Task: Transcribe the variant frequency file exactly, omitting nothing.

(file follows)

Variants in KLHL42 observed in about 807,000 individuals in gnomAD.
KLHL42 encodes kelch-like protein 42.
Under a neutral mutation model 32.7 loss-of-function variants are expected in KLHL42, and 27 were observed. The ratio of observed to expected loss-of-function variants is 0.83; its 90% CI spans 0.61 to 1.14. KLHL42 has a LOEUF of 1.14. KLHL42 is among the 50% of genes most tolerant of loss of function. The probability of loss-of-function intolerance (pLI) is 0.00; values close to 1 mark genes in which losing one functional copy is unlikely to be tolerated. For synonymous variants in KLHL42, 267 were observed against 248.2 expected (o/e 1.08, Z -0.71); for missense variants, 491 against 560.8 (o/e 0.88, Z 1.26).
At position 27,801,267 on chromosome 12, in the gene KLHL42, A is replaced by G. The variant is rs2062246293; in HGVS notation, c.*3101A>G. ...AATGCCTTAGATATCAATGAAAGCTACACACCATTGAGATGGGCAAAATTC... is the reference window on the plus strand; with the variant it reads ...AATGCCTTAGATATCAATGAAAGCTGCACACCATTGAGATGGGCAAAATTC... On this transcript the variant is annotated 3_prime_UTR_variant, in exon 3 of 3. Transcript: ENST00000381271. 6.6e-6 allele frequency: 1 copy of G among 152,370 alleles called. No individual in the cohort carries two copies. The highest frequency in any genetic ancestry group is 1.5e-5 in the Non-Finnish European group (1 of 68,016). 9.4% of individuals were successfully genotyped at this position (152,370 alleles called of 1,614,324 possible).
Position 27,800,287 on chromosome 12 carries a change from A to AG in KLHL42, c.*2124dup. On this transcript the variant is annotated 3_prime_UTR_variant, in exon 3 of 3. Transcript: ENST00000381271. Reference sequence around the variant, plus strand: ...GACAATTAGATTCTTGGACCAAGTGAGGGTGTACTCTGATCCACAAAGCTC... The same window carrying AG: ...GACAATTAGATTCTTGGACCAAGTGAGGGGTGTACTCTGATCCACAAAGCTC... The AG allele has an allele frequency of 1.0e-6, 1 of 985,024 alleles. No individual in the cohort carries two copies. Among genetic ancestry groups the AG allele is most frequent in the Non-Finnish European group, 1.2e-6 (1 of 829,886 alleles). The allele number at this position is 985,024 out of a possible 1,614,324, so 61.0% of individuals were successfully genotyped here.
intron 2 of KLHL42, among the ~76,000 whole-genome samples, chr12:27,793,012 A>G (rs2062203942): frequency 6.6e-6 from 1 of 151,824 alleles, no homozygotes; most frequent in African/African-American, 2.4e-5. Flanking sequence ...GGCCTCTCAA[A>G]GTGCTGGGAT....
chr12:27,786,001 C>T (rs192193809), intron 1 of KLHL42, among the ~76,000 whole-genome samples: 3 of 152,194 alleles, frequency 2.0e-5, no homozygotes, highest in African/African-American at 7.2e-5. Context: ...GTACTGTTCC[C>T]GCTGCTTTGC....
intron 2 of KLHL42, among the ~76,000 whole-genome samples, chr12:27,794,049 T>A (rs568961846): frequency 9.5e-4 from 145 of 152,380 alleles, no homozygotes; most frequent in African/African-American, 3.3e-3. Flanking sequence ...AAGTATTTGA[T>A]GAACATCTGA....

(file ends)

Variants in KLHL42 observed in about 807,000 individuals in gnomAD.
KLHL42 encodes kelch-like protein 42.
Under a neutral mutation model 32.7 loss-of-function variants are expected in KLHL42, and 27 were observed. The ratio of observed to expected loss-of-function variants is 0.83; its 90% CI spans 0.61 to 1.14. KLHL42 has a LOEUF of 1.14. KLHL42 is among the 50% of genes most tolerant of loss of function. The probability of loss-of-function intolerance (pLI) is 0.00; values close to 1 mark genes in which losing one functional copy is unlikely to be tolerated. For synonymous variants in KLHL42, 267 were observed against 248.2 expected (o/e 1.08, Z -0.71); for missense variants, 491 against 560.8 (o/e 0.88, Z 1.26).
At position 27,801,267 on chromosome 12, in the gene KLHL42, A is replaced by G. The variant is rs2062246293; in HGVS notation, c.*3101A>G. ...AATGCCTTAGATATCAATGAAAGCTACACACCATTGAGATGGGCAAAATTC... is the reference window on the plus strand; with the variant it reads ...AATGCCTTAGATATCAATGAAAGCTGCACACCATTGAGATGGGCAAAATTC... On this transcript the variant is annotated 3_prime_UTR_variant, in exon 3 of 3. Transcript: ENST00000381271. 6.6e-6 allele frequency: 1 copy of G among 152,370 alleles called. No individual in the cohort carries two copies. The highest frequency in any genetic ancestry group is 1.5e-5 in the Non-Finnish European group (1 of 68,016). 9.4% of individuals were successfully genotyped at this position (152,370 alleles called of 1,614,324 possible).
Position 27,800,287 on chromosome 12 carries a change from A to AG in KLHL42, c.*2124dup. On this transcript the variant is annotated 3_prime_UTR_variant, in exon 3 of 3. Transcript: ENST00000381271. Reference sequence around the variant, plus strand: ...GACAATTAGATTCTTGGACCAAGTGAGGGTGTACTCTGATCCACAAAGCTC... The same window carrying AG: ...GACAATTAGATTCTTGGACCAAGTGAGGGGTGTACTCTGATCCACAAAGCTC... The AG allele has an allele frequency of 1.0e-6, 1 of 985,024 alleles. No individual in the cohort carries two copies. Among genetic ancestry groups the AG allele is most frequent in the Non-Finnish European group, 1.2e-6 (1 of 829,886 alleles). The allele number at this position is 985,024 out of a possible 1,614,324, so 61.0% of individuals were successfully genotyped here.
intron 2 of KLHL42, among the ~76,000 whole-genome samples, chr12:27,793,012 A>G (rs2062203942): frequency 6.6e-6 from 1 of 151,824 alleles, no homozygotes; most frequent in African/African-American, 2.4e-5. Flanking sequence ...GGCCTCTCAA[A>G]GTGCTGGGAT....
chr12:27,786,001 C>T (rs192193809), intron 1 of KLHL42, among the ~76,000 whole-genome samples: 3 of 152,194 alleles, frequency 2.0e-5, no homozygotes, highest in African/African-American at 7.2e-5. Context: ...GTACTGTTCC[C>T]GCTGCTTTGC....
intron 2 of KLHL42, among the ~76,000 whole-genome samples, chr12:27,794,049 T>A (rs568961846): frequency 9.5e-4 from 145 of 152,380 alleles, no homozygotes; most frequent in African/African-American, 3.3e-3. Flanking sequence ...AAGTATTTGA[T>A]GAACATCTGA....